Underworld (2003) Underworld: Evolution (2006) Rise of the Lycans (2009) Underworld: Awakening (2012)
Budget 22,000,000 45,000,000 35,000,000 70,000,000
Opening Weekend $21,753,759 $26,857,181 $20,828,511 $25,306,725
Total Domestic Gross $51,970,690 $62,318,876 $45,802,316 $62,321,040
Total Worldwide Gross $95,708,457 $113,417,763 $89,102,316 $160,379,931

Heuristic: Evaluating Selene’s costume


Iconic language:

What is it made of?
Solid black leather and PVC

What do you see in the artifact?
The suit is tight and covers from toe to neck. The only skin exposed is on the hands and the face. The corset is used over the catsuit, and is laced with long black laces that are visible and reminiscent of bondage. The solid black and corset on the outside is reminiscent of the Goth and Punk scenes, where the kink boots also made their more public appearance outside of the BDSM community. The boots are tall and heeled, but not spiked. The buckles are again reminiscent of bondage and kink, but also of warrior boots or motorcycle/biker culture.

Cultural language

What is its context?
Her choice of clothing hearkens to other female action heroes that have come before her. She is in conversation with these expectations.  See Emma Peel from The Avengers. Catwoman. Trinity from the Matrix (trench coat).

Corsets have a recent history of being used on the exterior of clothing or visible rather than covered to demonstrate armor (video games, Amazon women, Wonder Woman, Xena) and to demonstrate ownership of one’s body and sexuality (Madonna, Beyonce) putting it and the female erogenous zones on display but in a performed role that is for gazing but not touching.

Who is its audience?
Female fantasy played out of bodily strength and subjectivity, embodying the hero. Male heterosexuals who enjoy watching female body perform and derive pleasure from the sexualization and domination fetish.

Theoretical language

What does it mean?
This character is believable in the power given to her as a Death Dealer. She displays sexual potency while being fully covered. She displays physical power – athletic, strong, flexible, agile, all of which are visible on skin-tight suit.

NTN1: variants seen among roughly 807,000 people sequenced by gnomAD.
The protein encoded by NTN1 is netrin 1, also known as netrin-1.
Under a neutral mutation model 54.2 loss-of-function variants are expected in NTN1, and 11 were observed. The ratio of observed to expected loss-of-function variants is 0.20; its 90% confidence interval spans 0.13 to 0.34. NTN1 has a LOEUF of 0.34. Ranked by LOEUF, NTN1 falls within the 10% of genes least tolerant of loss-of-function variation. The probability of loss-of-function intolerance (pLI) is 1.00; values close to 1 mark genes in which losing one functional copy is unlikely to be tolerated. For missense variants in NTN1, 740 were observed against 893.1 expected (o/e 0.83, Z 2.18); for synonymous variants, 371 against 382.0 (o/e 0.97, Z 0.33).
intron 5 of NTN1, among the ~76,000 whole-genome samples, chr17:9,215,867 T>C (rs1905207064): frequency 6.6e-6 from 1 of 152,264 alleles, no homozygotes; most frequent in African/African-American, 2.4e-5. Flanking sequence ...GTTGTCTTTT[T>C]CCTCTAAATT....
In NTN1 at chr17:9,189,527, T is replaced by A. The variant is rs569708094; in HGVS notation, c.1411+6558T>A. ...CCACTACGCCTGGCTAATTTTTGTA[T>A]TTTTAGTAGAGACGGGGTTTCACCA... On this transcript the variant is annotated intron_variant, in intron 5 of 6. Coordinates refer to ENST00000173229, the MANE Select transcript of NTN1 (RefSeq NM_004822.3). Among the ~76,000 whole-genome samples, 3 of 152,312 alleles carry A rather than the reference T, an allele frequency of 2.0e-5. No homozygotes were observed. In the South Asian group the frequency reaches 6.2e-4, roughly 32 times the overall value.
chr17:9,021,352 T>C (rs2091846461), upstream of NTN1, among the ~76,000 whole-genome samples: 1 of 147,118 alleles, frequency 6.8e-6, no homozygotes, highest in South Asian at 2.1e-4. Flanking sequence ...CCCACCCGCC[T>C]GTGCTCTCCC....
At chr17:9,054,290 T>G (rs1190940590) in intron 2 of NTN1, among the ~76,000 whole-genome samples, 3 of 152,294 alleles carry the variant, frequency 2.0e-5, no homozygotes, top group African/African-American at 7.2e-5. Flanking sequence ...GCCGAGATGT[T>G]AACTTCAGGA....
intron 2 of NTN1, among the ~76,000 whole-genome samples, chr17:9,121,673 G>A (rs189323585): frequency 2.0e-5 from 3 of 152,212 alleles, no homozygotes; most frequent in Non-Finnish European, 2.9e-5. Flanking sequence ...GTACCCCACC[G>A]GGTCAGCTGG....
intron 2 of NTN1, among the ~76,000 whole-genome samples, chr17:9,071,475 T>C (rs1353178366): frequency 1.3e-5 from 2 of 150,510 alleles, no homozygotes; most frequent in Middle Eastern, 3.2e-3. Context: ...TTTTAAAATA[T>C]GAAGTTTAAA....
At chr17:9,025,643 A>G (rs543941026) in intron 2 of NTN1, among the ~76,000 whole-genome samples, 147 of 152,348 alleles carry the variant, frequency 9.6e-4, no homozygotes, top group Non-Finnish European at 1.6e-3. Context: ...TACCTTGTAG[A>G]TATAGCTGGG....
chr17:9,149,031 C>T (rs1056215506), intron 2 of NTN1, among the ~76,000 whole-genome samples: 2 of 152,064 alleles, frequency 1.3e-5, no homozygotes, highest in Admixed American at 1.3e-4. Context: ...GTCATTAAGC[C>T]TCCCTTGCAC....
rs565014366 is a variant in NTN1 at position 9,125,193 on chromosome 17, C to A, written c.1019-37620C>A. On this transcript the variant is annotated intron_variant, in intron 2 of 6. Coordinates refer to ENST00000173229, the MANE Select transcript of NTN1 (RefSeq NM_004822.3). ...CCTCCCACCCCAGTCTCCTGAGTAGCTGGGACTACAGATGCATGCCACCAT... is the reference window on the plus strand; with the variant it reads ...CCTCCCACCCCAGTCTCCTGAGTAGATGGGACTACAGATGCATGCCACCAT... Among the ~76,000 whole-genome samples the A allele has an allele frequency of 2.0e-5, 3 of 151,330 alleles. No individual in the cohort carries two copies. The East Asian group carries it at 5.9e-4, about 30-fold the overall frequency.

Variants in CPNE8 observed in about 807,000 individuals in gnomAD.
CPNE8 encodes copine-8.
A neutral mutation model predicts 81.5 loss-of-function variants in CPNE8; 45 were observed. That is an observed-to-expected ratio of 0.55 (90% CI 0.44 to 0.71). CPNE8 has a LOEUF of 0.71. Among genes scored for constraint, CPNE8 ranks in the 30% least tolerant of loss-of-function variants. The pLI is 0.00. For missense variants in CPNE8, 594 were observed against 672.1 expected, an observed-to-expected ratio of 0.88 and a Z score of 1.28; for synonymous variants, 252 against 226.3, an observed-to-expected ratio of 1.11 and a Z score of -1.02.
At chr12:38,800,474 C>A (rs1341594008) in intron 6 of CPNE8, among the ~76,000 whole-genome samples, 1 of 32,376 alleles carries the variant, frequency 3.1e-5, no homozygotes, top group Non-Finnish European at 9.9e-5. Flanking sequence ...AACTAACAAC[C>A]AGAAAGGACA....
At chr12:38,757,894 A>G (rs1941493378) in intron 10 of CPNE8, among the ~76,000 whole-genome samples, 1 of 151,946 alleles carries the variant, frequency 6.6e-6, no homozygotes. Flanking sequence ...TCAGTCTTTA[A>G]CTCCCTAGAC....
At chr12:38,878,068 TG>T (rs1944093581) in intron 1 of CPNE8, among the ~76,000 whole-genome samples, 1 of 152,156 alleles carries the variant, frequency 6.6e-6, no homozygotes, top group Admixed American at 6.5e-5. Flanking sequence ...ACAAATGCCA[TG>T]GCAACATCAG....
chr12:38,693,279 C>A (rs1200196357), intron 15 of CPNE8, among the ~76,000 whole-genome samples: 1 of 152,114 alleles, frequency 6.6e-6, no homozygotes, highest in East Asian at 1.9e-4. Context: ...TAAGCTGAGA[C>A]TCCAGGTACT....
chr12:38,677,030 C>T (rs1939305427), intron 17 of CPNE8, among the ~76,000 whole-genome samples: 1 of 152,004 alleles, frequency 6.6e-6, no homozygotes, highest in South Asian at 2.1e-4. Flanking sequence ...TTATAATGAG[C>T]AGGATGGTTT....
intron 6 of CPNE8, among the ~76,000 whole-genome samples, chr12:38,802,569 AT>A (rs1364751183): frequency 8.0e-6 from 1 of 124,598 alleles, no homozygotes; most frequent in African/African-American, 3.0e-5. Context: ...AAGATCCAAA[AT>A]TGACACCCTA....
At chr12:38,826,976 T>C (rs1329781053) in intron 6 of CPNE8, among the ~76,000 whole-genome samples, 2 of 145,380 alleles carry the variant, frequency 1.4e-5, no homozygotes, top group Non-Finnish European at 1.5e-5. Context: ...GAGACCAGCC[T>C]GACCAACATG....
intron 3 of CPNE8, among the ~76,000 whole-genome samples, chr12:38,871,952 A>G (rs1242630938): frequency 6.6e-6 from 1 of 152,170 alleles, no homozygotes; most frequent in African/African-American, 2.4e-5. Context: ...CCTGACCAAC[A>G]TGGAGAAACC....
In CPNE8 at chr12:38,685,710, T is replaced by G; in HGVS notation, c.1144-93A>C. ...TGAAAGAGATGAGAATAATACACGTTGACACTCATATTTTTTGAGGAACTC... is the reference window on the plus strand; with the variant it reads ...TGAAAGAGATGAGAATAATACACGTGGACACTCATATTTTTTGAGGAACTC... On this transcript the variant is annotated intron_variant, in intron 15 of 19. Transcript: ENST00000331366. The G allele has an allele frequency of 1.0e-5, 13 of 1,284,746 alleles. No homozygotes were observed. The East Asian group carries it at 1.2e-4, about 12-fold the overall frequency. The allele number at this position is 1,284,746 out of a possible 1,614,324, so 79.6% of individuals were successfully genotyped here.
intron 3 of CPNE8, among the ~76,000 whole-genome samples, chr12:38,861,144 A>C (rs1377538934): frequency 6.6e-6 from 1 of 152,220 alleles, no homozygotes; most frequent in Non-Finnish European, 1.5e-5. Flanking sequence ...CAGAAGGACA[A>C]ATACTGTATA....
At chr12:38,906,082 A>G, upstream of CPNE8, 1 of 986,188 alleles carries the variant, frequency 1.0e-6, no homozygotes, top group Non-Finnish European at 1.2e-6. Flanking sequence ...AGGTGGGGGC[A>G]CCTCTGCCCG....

The character is female. The corset and catsuit emphasize female body curves and keep Selene and other female action heroes from becoming too masculinized. Should the character appear too masculinized, she is not only threatening (which is a turn-off) but it also upends the heterosexual normativity on display. Were she to present as androgynous or too masculine, then heterosexual men would have their heteronormative gaze threatened with potential homoeroticism or confused identification.

How do we interpret it?
Argument is that women can be accepted as powerful heroes IF they retain heterosexual allure — men still want to watch and sleep with them. Men “allow” the power in the bedroom — being dominated or overpowered sexually is a turn-on. And it represents a power they are willing to give since it is both temporary, pleasurable and offers them something to gain. The traditional power structure is retained and unthreatened. Giving power to the female in the catsuit doesn’t threaten their dominating power of the business suit. Men remain in a position of controlling the female body as their fantasy is played out on screen.

Annotated Bibliography #2

Fields, J. (1999). “Fighting the Corsetless Evil”: Shaping Corsets and Culture, 1900-1930. Journal of Social History, 33(2), 355–384.
Fields focuses on the rhetoric that the corset industry used to redefine corsets and position them as essential items for all American women to own at the beginning of the 20th century. She connects the corseted body to medical and scientific rhetoric, changing conceptions of female beauty, the rise of feminism, morality arguments stating the importance of containing female bodies and sexuality as necessary for social stability, and to capitalism and economic gain from the sale of corsets to women as they attempt to conform to these norms and negotiate these rhetorics.